I had so much fun being interviewed by Halimeh, aka Lulu over at Crying Toddlers! She’s a fantastic mom with a great blog that you should definitely check out! Here is part of my interview, but if you’d like to read the whole thing, you can read it on her blog here: https://www.cryingtoddlers.com/transferable-mom-skills/
Being a mom is the most difficult yet rewarding role I’ve ever had. Motherhood came with so many learning curves: some are steep ones, others are less daunting, but also what I fondly refer to as superpowers—otherwise known as skills-you-developed-by-the-virtue-of-being-an- awesome-mom, like you are! Most of those skills are readily transferable to the workplace so working moms, and parents, don’t hesitate to talk up your working moms strengths during your 1:1, career change, elevator pitch, or whenever and wherever you have to tell someone else how invaluable you are or make the magic happen. Here are my top skills that, with real examples to boot, can help you change the game in the workplace. Here are the 7 transferable mom skills you can use at work!
1. Problem-solving with applied creativity:
This is one of the major transferable mom skills! When you become a parent – especially during the recent pandemic – you are constantly problem-solving, and if you have more than one child, you become the de facto referee. And you learn to solve problems that you didn’t know were problems at all with a touch of creativity! Comforting a child that lost a staring contest with his siblings for example, or transforming a very badly drawn plate into a brightly colored sun! And now you have some breathing space till the next drama! If you perfected the skill of when to step in to help your child problem-solve and/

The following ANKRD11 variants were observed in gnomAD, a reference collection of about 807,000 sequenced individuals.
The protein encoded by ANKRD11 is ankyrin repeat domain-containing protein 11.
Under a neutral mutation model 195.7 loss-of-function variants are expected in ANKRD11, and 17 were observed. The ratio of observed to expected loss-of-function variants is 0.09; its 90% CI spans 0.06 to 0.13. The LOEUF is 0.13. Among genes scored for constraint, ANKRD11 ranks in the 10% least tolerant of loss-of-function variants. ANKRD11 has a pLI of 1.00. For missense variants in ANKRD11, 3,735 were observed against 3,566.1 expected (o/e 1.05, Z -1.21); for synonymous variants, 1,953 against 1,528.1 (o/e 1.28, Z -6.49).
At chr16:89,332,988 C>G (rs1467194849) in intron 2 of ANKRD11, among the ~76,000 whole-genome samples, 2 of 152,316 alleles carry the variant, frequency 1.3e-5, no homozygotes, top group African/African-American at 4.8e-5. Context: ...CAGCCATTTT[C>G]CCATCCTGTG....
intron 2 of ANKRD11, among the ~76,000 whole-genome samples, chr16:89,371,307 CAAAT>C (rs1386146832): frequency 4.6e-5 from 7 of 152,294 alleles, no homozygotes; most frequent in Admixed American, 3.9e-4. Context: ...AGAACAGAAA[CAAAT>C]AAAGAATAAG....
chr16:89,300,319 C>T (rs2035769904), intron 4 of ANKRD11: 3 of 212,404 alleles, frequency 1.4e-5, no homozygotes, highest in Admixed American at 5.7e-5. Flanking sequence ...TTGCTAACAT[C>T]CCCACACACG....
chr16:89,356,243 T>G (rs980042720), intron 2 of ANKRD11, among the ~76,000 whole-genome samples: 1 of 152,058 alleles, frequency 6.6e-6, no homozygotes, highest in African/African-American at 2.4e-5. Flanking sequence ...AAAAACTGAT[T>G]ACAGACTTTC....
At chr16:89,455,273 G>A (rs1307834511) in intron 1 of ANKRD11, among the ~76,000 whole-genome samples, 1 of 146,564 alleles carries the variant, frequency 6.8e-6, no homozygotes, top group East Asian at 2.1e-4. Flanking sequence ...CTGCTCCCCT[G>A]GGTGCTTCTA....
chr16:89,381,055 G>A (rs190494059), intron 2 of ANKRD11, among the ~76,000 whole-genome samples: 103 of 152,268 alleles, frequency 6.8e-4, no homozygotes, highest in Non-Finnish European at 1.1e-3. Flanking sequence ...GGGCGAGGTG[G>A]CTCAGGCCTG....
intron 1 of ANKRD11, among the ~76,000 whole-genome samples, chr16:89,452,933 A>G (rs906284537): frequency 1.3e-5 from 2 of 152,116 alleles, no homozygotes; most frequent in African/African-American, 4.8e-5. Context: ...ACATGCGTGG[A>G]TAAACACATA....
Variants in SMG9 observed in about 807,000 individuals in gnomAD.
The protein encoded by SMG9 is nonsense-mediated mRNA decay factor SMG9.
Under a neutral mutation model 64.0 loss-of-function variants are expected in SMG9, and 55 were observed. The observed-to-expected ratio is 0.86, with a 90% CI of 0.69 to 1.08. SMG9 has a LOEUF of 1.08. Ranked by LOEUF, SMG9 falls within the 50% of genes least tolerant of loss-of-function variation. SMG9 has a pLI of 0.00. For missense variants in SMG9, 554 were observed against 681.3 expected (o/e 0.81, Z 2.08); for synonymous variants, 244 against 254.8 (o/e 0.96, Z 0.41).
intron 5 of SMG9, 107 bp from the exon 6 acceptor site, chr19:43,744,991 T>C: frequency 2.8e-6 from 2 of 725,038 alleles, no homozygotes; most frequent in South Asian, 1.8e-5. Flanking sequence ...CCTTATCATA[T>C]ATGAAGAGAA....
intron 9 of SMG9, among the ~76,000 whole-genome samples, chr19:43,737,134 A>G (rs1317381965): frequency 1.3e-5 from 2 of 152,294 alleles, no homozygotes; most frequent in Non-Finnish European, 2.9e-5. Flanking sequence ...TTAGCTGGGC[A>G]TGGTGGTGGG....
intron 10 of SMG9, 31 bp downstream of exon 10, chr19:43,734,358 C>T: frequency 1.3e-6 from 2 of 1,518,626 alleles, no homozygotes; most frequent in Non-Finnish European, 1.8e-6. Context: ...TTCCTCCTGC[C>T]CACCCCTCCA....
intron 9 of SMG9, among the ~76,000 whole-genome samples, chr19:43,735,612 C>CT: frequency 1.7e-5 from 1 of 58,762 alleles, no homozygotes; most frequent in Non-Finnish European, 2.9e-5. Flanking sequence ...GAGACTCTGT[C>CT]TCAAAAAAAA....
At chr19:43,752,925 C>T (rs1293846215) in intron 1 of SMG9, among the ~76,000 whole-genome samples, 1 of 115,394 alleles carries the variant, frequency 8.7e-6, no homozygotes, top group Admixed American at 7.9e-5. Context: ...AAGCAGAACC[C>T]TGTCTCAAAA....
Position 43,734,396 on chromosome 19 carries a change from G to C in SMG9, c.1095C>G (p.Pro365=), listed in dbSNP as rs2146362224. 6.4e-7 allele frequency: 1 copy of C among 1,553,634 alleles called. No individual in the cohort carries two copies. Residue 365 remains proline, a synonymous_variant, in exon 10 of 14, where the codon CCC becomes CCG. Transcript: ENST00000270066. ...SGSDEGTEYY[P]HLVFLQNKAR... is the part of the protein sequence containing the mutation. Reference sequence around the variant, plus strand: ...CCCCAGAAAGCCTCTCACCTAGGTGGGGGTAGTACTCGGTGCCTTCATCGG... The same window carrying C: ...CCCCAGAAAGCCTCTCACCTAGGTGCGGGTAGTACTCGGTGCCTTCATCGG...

or how to provide him/her with the tools to do it themselves, that’s at the core of being a people leader, right there.
2. Strategic Thinking:
I call it the thinking ahead power aka plan A, B, and even C. It can involve bringing that extra pair of clothes in case your little one pours water/paint or whatever sticky and messy mixture they encounter during a mere walk in the park, planning everyone’s schedules, and having a solution for potential problems that may arise. Think about how you can apply this one to your current job or career in general and be the extra pair of eyes/ears on projects for example.
3. People + team management:
Do you remember how uncooperative your toddler once was /is? Being charming one minute and super moody or even angry the next. And you managed those phases; don’t start me on the terrible twos or troublesome threes, so
now when you think of the worst colleague you ever worked with, does it even come close to that You smoothed out crises, extinguished fires, settled conflicts, and still had some room for growth and lessons learned. Another familiar example was more prevalent during the pandemic. Managing your work, homeschooling that may have included a pre-schooler and older siblings, and keeping everyone focused and in relative harmony. With all of my experiences, I am fairly certain that there is no one at work with whom you cannot collaborate or reach an agreement.
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